This International Women's Day never has there been a time when women's rights have been more challenged.
Since 1915, the question of women's rights in areas of conflict and post conflict times has posed many obstacles
Many countries and people have worked very hard over the last hundred years to get some resolution on the issue of women being used as a tool of war. There has been a focus to involve women in peace talks at every level. Recently, with the support of Secretary of State Hillary Clinton and Foreign Minister Lord William Hague, we saw more concrete agreements by countries in the United Nations.
In times leading up to conflict, during conflict, and post conflict when families are trying to flee war torn areas, the institution of education is often completely lost. Many times the schools become headquarters for the peacekeepers. Furthermore, only 2% of humanitarian aid is spent on education. What does that say to all of those families and individuals disrupted? Millions of people are deprived of education, but education is critical - as critical as food and nutrition. Without education, the future negative consequences to these victims continue. It is very difficult to makeup a lost education to these people.
Women and children suffer the most during global displacement
The numbers of displaced people has not been this high since 1945. The majority of displaced people are women and children who have no access to a home, food, clean water, and education. It is an adversity that women assume the brunt of childcare and often becomes ill in these inadequate situations. There are few hospitals and/or medical assistance, and children are most vulnerable with the lack of security, safety and nutrition.
Every day that a child misses proper education and nutrition, their long-term life is marred. This is a heavy burden on the mothers that are just trying to survive and who worry about the futures of their children.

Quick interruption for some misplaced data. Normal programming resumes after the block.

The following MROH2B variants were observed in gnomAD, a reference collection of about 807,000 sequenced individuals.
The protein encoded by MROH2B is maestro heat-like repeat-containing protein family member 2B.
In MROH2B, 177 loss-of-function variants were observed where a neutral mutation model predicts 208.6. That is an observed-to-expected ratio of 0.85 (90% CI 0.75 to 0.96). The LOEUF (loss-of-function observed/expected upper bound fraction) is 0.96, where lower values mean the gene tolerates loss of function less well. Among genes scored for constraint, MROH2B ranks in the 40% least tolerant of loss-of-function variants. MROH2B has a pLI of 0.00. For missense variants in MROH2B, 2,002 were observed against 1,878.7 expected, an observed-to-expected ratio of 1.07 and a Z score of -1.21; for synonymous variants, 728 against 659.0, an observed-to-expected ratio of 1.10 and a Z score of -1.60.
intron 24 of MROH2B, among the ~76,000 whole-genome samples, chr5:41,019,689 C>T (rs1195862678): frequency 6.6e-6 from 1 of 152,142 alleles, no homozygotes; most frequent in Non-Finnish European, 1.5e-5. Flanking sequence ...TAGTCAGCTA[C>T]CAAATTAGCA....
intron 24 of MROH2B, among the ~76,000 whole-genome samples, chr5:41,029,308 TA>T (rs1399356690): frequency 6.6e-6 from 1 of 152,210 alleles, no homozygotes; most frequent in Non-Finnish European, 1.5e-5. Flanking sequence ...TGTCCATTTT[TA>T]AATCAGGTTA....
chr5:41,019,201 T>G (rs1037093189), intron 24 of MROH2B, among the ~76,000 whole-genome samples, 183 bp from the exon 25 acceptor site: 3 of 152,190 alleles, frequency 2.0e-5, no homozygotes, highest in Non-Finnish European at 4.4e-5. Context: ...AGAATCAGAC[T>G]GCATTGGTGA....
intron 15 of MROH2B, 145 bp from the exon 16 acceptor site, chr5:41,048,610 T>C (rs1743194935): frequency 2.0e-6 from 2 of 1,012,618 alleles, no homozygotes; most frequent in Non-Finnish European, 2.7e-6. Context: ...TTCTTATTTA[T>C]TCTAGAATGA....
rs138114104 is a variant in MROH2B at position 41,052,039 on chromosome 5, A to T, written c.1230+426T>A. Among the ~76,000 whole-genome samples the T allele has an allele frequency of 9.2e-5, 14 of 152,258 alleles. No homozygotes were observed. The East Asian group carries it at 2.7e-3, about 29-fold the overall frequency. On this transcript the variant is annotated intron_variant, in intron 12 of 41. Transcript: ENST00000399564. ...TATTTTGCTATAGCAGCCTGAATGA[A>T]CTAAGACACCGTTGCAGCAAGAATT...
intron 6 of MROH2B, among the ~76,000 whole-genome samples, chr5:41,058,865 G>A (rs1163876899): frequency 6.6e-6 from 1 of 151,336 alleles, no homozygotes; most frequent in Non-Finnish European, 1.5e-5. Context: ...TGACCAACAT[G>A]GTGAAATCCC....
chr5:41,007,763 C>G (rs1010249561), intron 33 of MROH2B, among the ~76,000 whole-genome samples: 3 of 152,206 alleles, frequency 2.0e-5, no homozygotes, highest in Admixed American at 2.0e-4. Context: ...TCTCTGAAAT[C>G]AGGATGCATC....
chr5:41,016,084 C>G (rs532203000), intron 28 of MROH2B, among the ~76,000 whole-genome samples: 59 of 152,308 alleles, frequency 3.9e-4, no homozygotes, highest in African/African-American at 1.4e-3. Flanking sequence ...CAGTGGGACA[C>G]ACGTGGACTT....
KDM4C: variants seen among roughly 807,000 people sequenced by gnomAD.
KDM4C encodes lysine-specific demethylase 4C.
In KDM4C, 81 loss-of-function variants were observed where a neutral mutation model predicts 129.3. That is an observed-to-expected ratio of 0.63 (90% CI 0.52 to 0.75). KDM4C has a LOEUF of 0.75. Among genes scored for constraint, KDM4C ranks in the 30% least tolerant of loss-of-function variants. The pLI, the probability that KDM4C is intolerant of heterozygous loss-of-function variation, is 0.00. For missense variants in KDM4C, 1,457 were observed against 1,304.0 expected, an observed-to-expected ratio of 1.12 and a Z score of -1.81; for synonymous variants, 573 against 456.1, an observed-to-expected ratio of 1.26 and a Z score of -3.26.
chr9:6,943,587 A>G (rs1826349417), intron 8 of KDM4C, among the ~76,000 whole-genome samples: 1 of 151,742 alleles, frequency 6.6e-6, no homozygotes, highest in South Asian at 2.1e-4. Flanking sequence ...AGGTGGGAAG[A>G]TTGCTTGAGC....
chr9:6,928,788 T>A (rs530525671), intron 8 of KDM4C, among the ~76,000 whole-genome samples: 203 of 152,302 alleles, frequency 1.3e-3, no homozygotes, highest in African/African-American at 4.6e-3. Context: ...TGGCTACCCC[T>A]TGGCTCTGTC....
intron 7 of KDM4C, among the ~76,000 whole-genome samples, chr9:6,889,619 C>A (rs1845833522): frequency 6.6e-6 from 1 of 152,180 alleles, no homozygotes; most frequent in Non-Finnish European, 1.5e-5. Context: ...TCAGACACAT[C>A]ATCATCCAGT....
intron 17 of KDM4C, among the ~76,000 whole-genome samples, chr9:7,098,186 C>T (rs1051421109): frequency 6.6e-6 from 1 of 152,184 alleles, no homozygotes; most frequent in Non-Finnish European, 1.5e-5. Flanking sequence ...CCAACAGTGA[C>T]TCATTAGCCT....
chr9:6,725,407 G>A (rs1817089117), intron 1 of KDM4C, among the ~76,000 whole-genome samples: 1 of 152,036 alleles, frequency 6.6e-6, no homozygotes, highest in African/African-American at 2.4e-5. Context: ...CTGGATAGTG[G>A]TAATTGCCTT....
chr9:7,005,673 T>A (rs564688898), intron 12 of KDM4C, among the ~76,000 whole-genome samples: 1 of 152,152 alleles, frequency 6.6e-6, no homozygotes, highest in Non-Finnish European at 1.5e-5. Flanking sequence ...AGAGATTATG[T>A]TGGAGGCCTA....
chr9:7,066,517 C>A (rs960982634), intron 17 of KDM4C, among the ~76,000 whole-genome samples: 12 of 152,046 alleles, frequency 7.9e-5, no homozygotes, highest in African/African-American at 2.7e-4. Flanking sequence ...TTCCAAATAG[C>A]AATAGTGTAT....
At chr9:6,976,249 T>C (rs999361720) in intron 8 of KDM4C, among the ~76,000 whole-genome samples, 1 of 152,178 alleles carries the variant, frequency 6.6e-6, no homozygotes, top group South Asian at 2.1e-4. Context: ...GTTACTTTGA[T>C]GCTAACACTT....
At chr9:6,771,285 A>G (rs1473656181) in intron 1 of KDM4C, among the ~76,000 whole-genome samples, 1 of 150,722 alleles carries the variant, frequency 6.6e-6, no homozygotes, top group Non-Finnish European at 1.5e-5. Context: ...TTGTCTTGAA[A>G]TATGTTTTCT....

Women and children a priority in peace talks
The United Kingdom has played a leading role with Scandinavian countries and others to ensure that peace talks include the rights for women and children. The focus is not just on peace and rebuilding, but also on women and children suffering the consequences of conflict. Part of the peace negotiation talks include safety and nutrition, opportunity to flee war torn areas, medical facilities for illness, disease, wellbeing and prenatal, access to education, and investment to rebuild communities and create jobs.
What Brexit means for women
Another threat to women in the UK is the result of the referendum with Britain leaving the European Union. This vote casts a shadow of doubt on the stability of human rights of women, maternal/paternal leave, equal access to employment and salaries, and many other issues that make the United Kingdom a recognized leader in the world. Many women around the world have united to ensure more balanced rights of women on topics ranging from equal access to education and medical services, to including 30% representation of women on corporate boards.
We must work together globally to ensure the rights that women have fought to gain over the years are not taken away and we must continue to strive for equality. We have to build an equal future with men and women working equally around the globe.
HuffPost UK is running a month-long project in March called All Women Everywhere, providing a platform to reflect the diverse mix of female experience and voices in Britain today
Through blogs, features and video, we'll be exploring the issues facing women specific to their age, ethnicity, social status, sexuality and gender identity. If you'd like to blog on our platform around these topics, email firstname.lastname@example.org